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Thinking about writing ≠ writing


We’ve all pulled this excuse before: “I just need some more time to think this through before I start writing – you know, simmer, steep, marinate – then, I’ll be ready to write.”


We all do it. In fact, I just (right this very minute) pulled this excuse with myself! I was trying to come up with a blog post, so I went to sit in my comfy chair and “steep” for a few minutes. What did I wind up thinking about? My packing checklist for our trip this weekend, the phone calls I need to return, and how much I would really love a cheeseburger right now. Yeah, I was not thinking about blog topics.

But it sounds like such a legitimate excuse, right? Writing is hard, and it requires higher level thoughts, so of course we have to spend time thinking about writing.

The truth is that thinking is not writing, but writing is thinking.

When we attempt to only think, we immediately become aware of how much we lack control of our own thoughts. Buddhists refer to our “monkey mind,” and Buddha himself said that our minds are “filled with drunken monkeys, jumping around, screeching, chattering, carrying on endlessly.”

We say that we’re going to go think about our extremely complex and complicated topic, and we very diligently sequester ourselves in a dark room, perhaps with a strong cup of coffee or a big glass of wine, and we tell ourselves to think about the topic. That lasts all of 30 seconds before the monkeys get agitated, and we’re off thinking about who knows what. A couple of minutes later, we redirect our thoughts back to the topic, but it’s not long before we’re off track again.

You may try to convince yourself that you’re trying to think through the problem, but I promise that we’re not nearly as good at thinking as we think we are. In order to tame the monkey mind, Buddhists (and the monks of many other world religions) would advocate meditating. I’m a fan of meditating, but there’s another way to tame the monkey mind: writing.

Writing is a form of meditation, a process of deep thought.

You don’t have to know what you’re going to write before you start writing. The act of writing or typing words will bring clarity to your thoughts.

You may feel like you have a million ideas bouncing around in your head, and you just need half an hour of quiet time to think, but I promise you that half an hour of writing will provide multitudes more clarity.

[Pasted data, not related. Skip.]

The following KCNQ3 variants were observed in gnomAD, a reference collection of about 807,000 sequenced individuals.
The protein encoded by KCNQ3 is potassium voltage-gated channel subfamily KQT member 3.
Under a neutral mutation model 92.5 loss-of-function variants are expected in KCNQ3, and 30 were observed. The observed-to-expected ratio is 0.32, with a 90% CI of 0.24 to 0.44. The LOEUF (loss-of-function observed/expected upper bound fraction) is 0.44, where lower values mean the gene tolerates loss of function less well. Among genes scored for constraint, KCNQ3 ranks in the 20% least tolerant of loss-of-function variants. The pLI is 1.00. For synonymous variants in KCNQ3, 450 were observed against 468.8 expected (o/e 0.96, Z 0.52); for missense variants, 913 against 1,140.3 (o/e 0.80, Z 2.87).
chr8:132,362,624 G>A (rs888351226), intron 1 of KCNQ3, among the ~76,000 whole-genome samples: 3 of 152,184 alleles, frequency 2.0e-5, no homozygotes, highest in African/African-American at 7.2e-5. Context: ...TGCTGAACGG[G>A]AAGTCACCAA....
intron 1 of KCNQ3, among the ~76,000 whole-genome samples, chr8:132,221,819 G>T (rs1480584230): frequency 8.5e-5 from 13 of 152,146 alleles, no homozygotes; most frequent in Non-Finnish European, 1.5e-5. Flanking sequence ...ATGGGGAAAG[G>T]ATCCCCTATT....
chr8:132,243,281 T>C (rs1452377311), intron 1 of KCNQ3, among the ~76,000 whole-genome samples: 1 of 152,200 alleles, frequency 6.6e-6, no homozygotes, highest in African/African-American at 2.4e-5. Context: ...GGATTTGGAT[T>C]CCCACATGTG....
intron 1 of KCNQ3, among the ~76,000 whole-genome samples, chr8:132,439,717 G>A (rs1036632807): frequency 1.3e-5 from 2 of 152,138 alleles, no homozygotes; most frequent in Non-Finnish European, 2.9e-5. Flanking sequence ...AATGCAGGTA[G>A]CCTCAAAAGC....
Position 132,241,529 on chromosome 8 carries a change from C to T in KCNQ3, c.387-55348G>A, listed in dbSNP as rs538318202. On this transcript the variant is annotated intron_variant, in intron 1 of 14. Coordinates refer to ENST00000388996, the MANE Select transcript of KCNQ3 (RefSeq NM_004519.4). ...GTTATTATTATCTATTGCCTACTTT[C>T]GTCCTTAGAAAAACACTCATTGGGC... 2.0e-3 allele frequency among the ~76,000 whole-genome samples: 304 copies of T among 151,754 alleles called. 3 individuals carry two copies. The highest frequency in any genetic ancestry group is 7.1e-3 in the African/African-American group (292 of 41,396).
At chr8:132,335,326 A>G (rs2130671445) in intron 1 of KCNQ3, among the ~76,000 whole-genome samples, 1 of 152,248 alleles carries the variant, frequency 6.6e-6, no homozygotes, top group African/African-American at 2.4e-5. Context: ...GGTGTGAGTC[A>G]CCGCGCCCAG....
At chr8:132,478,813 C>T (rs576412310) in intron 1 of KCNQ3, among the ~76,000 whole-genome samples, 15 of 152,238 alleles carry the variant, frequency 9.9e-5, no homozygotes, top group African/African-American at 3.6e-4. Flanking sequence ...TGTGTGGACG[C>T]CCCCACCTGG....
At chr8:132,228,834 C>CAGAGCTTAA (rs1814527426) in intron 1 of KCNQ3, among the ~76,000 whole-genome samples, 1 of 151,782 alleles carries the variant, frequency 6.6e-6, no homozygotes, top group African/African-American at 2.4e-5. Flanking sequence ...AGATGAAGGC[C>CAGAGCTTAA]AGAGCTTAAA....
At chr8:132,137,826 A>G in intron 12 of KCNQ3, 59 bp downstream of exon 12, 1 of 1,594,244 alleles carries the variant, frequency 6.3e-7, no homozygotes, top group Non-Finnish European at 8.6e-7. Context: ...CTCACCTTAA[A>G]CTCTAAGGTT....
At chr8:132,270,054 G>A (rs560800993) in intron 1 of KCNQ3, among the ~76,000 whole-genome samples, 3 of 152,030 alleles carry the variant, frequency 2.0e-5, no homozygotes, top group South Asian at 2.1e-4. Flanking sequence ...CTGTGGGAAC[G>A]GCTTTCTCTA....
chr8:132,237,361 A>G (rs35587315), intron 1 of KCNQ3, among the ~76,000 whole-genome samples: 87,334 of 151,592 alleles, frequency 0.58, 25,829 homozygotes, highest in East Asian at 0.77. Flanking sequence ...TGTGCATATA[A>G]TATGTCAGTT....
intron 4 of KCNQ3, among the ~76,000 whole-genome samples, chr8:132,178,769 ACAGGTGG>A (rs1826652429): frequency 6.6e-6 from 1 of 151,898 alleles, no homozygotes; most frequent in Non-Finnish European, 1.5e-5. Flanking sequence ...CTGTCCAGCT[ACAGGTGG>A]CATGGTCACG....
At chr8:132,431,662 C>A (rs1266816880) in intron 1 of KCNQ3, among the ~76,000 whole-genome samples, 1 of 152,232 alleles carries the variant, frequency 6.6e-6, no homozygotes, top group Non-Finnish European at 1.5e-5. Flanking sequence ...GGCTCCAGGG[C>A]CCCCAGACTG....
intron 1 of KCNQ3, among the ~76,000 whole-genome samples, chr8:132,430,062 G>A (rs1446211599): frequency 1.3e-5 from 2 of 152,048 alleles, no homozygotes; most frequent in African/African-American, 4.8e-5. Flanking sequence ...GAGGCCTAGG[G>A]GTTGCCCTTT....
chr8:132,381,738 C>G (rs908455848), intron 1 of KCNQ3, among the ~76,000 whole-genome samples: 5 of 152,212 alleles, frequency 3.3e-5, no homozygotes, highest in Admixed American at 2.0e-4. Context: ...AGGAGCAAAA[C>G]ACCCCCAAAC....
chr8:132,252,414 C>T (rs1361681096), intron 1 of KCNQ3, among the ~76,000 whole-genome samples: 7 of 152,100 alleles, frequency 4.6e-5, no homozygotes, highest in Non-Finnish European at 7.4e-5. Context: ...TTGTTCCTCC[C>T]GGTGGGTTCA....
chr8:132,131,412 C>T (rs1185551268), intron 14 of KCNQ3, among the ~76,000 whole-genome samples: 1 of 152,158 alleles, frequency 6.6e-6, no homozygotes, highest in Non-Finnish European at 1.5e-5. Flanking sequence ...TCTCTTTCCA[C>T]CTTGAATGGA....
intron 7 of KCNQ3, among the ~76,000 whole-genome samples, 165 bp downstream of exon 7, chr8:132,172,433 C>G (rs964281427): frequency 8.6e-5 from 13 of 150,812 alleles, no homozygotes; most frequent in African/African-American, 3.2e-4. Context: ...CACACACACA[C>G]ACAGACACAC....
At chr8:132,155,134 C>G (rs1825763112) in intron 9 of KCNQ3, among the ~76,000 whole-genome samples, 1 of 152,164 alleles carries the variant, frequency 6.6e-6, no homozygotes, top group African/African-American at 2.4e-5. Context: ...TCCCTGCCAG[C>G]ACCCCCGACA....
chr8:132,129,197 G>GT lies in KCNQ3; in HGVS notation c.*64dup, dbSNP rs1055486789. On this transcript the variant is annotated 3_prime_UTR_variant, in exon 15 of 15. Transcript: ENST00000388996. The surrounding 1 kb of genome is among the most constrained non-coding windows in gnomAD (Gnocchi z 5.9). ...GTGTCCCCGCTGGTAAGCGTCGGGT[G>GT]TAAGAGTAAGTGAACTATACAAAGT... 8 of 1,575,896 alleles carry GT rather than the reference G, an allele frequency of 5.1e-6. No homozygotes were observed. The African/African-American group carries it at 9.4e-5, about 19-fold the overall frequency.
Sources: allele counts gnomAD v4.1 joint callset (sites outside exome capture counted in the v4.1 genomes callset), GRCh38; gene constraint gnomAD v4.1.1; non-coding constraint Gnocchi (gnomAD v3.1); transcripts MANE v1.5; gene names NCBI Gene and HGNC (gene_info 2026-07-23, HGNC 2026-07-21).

You say you need to think about your topic a little more?

I say perhaps you need to write in order to think properly.

Give it a try. Fix your complex, complicated topic in your mind and then just start writing. Write it all out. Write about how you feel about the topic – your frustrations, your hopes, why you want to write about this in the first place. Write about what you’ve learned about the topic – go back to grade school if you have to and just lay out your basic knowledge. Write about what you hope will be true about your topic in the future.

Just write out every last monkey of a thought in your mind. Put it all on paper. Let it out. Let it become real. Put words to the mass of confusion.

Then rest.

Allow your body and mind to feel the lifted weight, for just a little while.

Come back later, review your mess of a writing, and I’ll bet you anything that you have a moment of pure Eureka.

Scientists use thought experiments when they can't physically set up an experiment to test their theories. Einstein was famous for his ability to conduct groundbreaking thought experiments, where he would imagine a complex problem and literally think his way through the consequences. His thought experiment of chasing a light beam lead to his Theory of Special Relativity.

“The whole of science is nothing more than a refinement of everyday thinking” (from Out of My Later Years by Albert Einstein 1950).

Maybe Einstein could just think through his confusion, but we writers, we write through our confusion. You could say that the whole of good writing is nothing more than a refinement of everyday thinking, and the best way to refine your everyday mess of thoughts is by writing.

What about you?

When was the last time you said, “I just need to think about this for a while?” Did you actually go think about it with productive results? (If so, what’s your secret!?) Have you ever tried this technique of writing through your confusion?

P.S. Are you ready to stop procrastinating and start writing?

I'm hosting a live webinar next week – “7 Mistakes Writers Make Before They Even Start Writing Their Book (And How You Can Avoid Them).” If you could use a boost to get you out of thinking mode and into writing mode, register here: I'll have a few minutes to answer your questions, so bring your writing questions!